Additionally, Hamas and other Arab governments continue to allude to Israel’s “occupation” of Gaza. Israel left Gaza to the Palestinians in 2005. Hamas’ reference to Israeli “occupation” is their belief, and the belief of many other Arab governments, that the citizens of Israel, living in Israel itself, is an occupation.

Given this fact, I cannot agree with the notion that Israel has responded “disproportionately” to the rocket and mortar attacks coming from Gaza.

The Israeli government must do all it can to protect its citizens or it gives up the right to govern those citizens. If the citizens of Gaza have voted for and supported a government whose stated aim is the destruction of Israel, and that government aids and abets the constant attacks on Israel, then those same citizens will reap the benefits and/or ruination that flows from such support.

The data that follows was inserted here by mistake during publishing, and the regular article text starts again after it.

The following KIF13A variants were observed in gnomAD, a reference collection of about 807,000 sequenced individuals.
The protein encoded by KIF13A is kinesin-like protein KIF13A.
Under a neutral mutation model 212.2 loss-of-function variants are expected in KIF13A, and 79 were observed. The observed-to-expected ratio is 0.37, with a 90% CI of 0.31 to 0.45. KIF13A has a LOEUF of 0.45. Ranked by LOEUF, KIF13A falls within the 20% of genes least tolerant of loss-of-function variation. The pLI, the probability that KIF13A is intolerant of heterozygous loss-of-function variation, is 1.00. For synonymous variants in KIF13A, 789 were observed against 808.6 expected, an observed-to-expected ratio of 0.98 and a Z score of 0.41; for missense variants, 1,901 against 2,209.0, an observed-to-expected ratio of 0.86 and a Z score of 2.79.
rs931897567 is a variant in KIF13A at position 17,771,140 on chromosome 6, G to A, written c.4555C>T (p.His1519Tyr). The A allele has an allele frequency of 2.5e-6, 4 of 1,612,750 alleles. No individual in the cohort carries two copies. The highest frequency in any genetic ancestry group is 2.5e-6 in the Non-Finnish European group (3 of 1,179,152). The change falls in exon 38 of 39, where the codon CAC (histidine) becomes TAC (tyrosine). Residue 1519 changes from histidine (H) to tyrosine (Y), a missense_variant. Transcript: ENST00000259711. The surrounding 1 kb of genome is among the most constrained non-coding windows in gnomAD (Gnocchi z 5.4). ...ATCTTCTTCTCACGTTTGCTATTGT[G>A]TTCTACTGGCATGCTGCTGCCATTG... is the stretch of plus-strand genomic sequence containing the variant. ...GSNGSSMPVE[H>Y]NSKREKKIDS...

The citizens and government of Gaza can’t have it both ways — a war with Israel and open borders with Israel. At this moment, America cannot be seen to waiver in its support of Israel as it responds to these vicious and heinous acts.

The governments across the Arab world will be looking for any weakness displayed by the U.S. in its support of Israel. If any is found, it will be exploited and ultimately, I fear, will lead to another wider Arab-Israeli war. I hope America will be steadfast in her support of Israel at this moment when she need our support most.

— Robert Carlson, Bainbridge Island

Doing what anyone would

The citizens of the southern regions of Israel have been living with seven years of daily missile attacks causing emotional and psychological fear and casualties to the civilian population.